Can We Handle the Truth About Political Correctness?
I knew a guy who loved to tell blatantly racist jokes. We’ll call him “Mr. Name Withheld” because it’s possible he still walks among us.
In addition to his other charms, Mr. Name Withheld also had no concept of personal space. He would grab my arm and literally pull me so close I could count the bumper crop of hairs growing out of his enormous tomato nose. Then he’d go into his act:
“Two blacks walk into the welfare office ...” or “Two Jews are in a band ...” punctuated with his phlegmy laugh while exhaling the fumes of two lifetime’s supply of Johnny Walker Red.
For the record, “blacks” were never “blacks.” Yes, he was that awful.
I hadn’t thought about Mr. Name Withheld in years, not until Donald Trump arrived on the scene.
Trump’s decidedly non-PC approach to politics continues to win the cheers of millions of Americans exhausted by the pandemic of hypersensitivity sweeping the nation. And he’s not entirely wrong about political correctness. The problem is he confuses rudeness for honesty just as Mr. Name Withheld confused racism for repartee.
Trump knows how to be respectful. He’s made a conscious choice to be otherwise. He believes we believe civility and manners are weakness rather than strength. It’s both cynical and wrongheaded and 180 degrees from the lesson learned by a young George Washington.
Washington wrote out his “16 Rules of Civility” over and over until they became ingrained in the fabric of his character. They were the wellspring of his strength. Trump is channeling his inner Andrew Dice Clay.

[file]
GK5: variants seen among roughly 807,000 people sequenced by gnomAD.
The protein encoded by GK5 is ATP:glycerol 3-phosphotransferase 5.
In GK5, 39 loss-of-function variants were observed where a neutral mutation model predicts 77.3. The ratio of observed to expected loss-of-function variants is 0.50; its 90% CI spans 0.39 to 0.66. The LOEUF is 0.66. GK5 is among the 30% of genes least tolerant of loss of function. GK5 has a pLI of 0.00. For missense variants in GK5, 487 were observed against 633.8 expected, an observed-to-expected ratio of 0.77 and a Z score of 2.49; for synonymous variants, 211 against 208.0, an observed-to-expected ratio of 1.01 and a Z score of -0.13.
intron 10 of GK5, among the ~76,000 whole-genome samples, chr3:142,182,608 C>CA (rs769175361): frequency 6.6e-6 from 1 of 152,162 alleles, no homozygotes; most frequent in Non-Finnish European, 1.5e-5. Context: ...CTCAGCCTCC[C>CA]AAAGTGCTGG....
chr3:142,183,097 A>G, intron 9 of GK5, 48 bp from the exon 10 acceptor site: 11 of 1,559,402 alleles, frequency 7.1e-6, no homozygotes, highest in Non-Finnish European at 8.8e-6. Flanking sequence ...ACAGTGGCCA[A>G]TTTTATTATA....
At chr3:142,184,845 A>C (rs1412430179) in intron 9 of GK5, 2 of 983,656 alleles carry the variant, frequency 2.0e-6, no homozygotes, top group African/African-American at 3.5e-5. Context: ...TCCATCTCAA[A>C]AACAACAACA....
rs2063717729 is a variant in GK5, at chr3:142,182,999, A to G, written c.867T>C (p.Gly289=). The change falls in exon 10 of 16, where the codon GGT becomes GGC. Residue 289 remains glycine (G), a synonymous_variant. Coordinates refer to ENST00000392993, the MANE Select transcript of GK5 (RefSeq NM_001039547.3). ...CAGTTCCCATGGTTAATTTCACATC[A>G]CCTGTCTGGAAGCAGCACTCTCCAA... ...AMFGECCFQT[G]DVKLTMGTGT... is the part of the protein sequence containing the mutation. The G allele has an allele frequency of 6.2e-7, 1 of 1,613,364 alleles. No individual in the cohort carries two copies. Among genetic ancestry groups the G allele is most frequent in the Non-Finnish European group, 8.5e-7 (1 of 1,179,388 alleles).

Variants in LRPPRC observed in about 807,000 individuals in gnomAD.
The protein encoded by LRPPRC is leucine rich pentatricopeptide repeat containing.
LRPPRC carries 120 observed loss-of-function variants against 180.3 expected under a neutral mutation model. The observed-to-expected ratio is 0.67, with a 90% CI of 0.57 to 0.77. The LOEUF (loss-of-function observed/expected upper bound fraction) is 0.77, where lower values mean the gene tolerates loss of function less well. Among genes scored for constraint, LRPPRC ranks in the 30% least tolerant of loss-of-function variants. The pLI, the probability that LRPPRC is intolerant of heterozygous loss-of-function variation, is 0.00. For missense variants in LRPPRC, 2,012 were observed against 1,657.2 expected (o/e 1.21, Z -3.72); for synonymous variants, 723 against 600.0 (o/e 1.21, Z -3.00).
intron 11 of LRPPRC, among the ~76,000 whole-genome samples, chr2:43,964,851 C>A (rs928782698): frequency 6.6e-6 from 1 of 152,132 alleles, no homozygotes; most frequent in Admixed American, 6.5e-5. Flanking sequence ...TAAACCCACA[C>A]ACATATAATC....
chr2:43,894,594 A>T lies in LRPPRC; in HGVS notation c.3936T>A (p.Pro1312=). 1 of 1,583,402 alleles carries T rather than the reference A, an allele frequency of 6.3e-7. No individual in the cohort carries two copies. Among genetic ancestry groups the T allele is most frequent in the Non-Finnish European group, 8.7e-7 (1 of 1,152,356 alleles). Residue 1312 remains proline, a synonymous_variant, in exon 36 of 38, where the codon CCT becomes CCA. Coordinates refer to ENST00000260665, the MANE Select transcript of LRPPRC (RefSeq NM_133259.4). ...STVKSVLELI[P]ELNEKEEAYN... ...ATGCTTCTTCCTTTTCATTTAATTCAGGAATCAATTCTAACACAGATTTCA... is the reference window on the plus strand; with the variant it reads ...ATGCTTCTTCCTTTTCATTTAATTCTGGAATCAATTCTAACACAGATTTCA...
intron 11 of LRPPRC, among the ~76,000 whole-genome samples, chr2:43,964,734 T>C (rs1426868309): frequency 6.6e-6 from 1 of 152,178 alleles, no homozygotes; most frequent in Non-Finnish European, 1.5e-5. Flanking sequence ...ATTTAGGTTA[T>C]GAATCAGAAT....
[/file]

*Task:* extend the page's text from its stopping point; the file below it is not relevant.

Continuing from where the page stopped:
Political correctness started out as heightened sensitivity to groups and individuals who have been historically vulnerable. Not the worst idea. Sadly, it’s now morphed into thought control, where someone need only feel uncomfortable for the hammer to come down. Americans today are offended by so many things we’ve actually created a new industry, the professionally offended.
Last week The Washington Post published results from a nationwide survey that determined 9 out of 10 Native Americans (formerly known as “Indians”) were NOT offended by the name Redskins attached to an NFL team.
Yet, the NFL continues to be pressured, as does Redskins owner Daniel Snyder, to change the team name, with the federal government going so far as to remove copyright protection for the team’s trademarked logo.
That should offend every American who cares about their First Amendment rights no matter how you come down on the Redskin controversy.
The question we need to ask is how far should society go to remedy grievances?
One man’s triviality is another man’s psychic wound. That’s why it’s imperative we learn to distinguish between social justice and hurt feelings. Discrimination codified by law is social injustice. That’s pretty obvious. Micro-aggressions and perceived biases are not obvious.
When we create speech codes in reaction to a drunken frat boy shouting the N-word out a dorm window, we solve one problem but create another. We’re punting away fundamental rights. I didn’t need the government to tell Mr. Name Withheld to buzz off.
We all have the right to demand our government end sanctioned discrimination. We don’t have the right to go from cradle to grave without our feelings being hurt. Yet it seems like in this highly charged election year that’s the choice we’re being asked to make; do we vote for the verbal bully or the queen of parsed language?
On a personal level, a little PC goes a long way. Don’t believe me? What did you say the last time the wife asked if a certain dress made her butt look fat? Honesty is not always the best policy.
What might be considerate in personal relationships can be reckless when shape-shifting the truth skews public policy.
Doug McIntyre’s column appears Sundays. Hear him weekdays 5-10 on AM 790. He can be reached at: Doug@DougMcIntyre.com.